Some employees do not have a normal place of work, but instead work at a succession of different sites for several days, weeks or months at a time. Examples of site-based employees include construction workers, safety inspectors, computer consultants and relief workers. A site-based employee’s travel and subsistence can be reimbursed tax free if the period spent at the site is expected to be, and actually is, less than 24 months. There are anti-avoidance provisions to ensure that the employment is genuinely site-based, if relief is to be given. For example, temporary appointments may be excluded from relief where duties are performed at that workplace for all or almost all of that period of employment. This is aimed particularly at preventing manipulation of the 24 month limit through recurring temporary appointments.

Home based employees
Some employees work at home occasionally or even regularly. This does not necessarily mean that their home can be regarded as a place of work. For this to be the case, there must be an objective requirement for the work to be performed at home rather than elsewhere. This may mean that another place becomes the permanent workplace: for example, an office to which the employee ‘regularly reports’. Therefore the cost of commuting between home and the office would not be an allowable expense. However, trips between home and temporary workplaces would be allowed. If there is no permanent workplace then the employee is treated as a site-based employee. Thus all costs would be allowed, including the occasional trip to the employer’s office. The home may still be treated as a workplace under the objective test above. If so, trips between home and any other workplace in respect of the same employment will be allowable.

Anti-avoidance rules
Some travel between a temporary workplace and home may not qualify for relief if the trip made is substantially similar to the trip made to or from the permanent workplace. ‘Substantially similar’ is interpreted by HMRC as a trip using the same roads or the same train or bus for most of the journey.

Subsistence payments
Subsistence includes the costs of accommodation and food and drink, while an employee is away from the permanent workplace. Subsistence expenditure is specifically treated as a product of business travel and is therefore treated as part of the cost of that travel. So, if the travel costs qualify for tax relief, so will the subsistence costs. HMRC are usually happy to give relief for the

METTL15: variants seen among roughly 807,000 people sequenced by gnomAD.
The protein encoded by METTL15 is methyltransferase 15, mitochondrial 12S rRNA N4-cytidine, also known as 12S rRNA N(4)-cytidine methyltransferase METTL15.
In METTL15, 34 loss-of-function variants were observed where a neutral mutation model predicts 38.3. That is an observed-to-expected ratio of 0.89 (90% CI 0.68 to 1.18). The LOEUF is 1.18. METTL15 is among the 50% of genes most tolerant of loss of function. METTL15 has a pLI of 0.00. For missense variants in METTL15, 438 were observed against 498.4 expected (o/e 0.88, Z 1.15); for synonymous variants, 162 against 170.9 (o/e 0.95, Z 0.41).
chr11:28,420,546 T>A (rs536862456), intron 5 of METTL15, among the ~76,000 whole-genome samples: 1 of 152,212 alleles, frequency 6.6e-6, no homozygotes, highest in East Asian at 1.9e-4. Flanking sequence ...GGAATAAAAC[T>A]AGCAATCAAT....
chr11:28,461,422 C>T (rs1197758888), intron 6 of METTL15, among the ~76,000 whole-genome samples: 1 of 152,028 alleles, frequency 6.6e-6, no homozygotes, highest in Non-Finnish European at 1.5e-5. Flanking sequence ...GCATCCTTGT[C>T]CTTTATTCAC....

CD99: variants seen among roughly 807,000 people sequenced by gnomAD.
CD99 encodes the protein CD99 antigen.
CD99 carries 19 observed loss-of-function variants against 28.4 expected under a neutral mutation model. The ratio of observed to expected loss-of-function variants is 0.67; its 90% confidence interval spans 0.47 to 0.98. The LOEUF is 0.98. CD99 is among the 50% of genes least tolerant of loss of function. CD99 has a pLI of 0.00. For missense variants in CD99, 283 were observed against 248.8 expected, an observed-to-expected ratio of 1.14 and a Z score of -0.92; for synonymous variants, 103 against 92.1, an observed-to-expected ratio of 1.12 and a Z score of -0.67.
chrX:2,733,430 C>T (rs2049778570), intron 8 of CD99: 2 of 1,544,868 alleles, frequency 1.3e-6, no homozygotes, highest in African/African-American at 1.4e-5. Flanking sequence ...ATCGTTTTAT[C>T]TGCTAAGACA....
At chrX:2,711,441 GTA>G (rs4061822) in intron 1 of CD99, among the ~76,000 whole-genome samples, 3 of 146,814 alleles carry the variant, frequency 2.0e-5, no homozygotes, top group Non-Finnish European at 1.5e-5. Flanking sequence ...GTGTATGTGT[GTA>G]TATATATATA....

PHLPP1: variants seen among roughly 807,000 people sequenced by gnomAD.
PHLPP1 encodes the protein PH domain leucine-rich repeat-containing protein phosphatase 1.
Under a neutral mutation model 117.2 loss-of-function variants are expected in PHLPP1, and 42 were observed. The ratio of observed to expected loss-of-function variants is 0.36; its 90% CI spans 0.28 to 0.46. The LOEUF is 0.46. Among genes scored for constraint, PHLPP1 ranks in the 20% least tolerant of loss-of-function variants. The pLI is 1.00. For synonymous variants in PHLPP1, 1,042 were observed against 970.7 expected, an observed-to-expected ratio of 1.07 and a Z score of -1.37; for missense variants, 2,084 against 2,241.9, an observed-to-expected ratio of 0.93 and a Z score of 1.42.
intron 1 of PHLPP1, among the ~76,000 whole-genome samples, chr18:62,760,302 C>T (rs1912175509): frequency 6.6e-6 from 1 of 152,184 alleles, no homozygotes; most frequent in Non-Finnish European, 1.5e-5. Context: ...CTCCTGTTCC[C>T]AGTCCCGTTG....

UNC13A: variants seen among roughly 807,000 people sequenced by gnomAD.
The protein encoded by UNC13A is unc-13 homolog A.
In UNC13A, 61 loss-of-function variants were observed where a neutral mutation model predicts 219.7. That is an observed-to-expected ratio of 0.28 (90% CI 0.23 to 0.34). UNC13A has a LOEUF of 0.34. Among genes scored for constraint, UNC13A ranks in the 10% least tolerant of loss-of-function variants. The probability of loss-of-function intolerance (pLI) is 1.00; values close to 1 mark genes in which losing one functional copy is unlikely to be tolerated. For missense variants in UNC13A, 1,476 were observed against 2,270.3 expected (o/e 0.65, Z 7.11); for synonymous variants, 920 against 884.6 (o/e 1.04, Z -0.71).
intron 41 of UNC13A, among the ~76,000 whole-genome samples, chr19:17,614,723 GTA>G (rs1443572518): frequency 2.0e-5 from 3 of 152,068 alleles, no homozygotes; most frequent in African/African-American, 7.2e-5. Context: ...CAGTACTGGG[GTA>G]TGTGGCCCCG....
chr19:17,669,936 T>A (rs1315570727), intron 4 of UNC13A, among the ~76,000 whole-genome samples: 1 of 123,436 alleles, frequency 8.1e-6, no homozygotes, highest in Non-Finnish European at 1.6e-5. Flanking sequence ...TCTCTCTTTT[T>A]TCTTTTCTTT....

costs of breakfast and evening meals if the employee stays away from home overnight, but often do not look as favourably on other costs, such as lunch, particularly if the employee has not stayed away overnight.

Other issues
1.Taxing any benefit
As already outlined, most travel and subsistence payments made by employers are taxable on the employee. This means that the employer should account for tax, and often national insurance, through the PAYE system and/or on a P11D. The method can vary depending on the type of tax charge arising. If a deduction is allowed, this has to be claimed personally by the employee, either by writing to HMRC or entering the amount in the relevant section of his self assessment tax return.

If HMRC are approached about payments being made, and are happy that the payments are doing no more than reimbursing the actual travel and subsistence costs, they will grant a dispensation. This means that the employer does not have to tax the payment and the employee cannot claim tax relief on that amount. If the employer does not reimburse all of the actual costs incurred, the employee may be entitled to tax relief on the balance. Obviously, a dispensation can save a lot of administrative time, but accurate records of costs and payments will still need to be kept.

2.Business mileage in cars
HMRC publish the rates of mileage allowances that can be paid to those employees who have driven on business.

Rates for reimbursing business miles for an employee who drives their own car.
Current rates per mile from 1 December 2011
-Up to 10,000 miles 45p
-Over 10,000 miles 25p

These rates represent the maximum tax free mileage allowances for employees using their own cars for business. Any excess is taxable. If the employee receives less than the statutory rate, tax relief can be claimed on the difference. These rates apply to all journeys on or after 1 December 2011 until further notice. For one month from the date of change, employers may use either the previous or new current rates, as they choose. Employers may therefore make or require supplemntary payments if they so wish, but are under no obligation to do so.

Rates for reimbursing business miles for an employee who drives an employer provided car
Current rates per mile:

Engine Size Petrol LPG Diesel
1400cc or less 15p 10p 12p
1401cc to 2000cc 18p 12p 15p
Over 200cc 26p 18p 18p

No dispensation is required if employers pay within these rates.

How we can help
Full tax relief can be obtained for travel and subsistence costs, but there are some borderline situations.

Please note that if you do make payments for which tax relief is not available, there may be PAYE compliance problems if the payments are made free of tax.

Please contact us if you require advice on whether payments can be made to employees tax free or if you have any other questions about benefits in kind.

Plummer Parsons

Plummer Parsons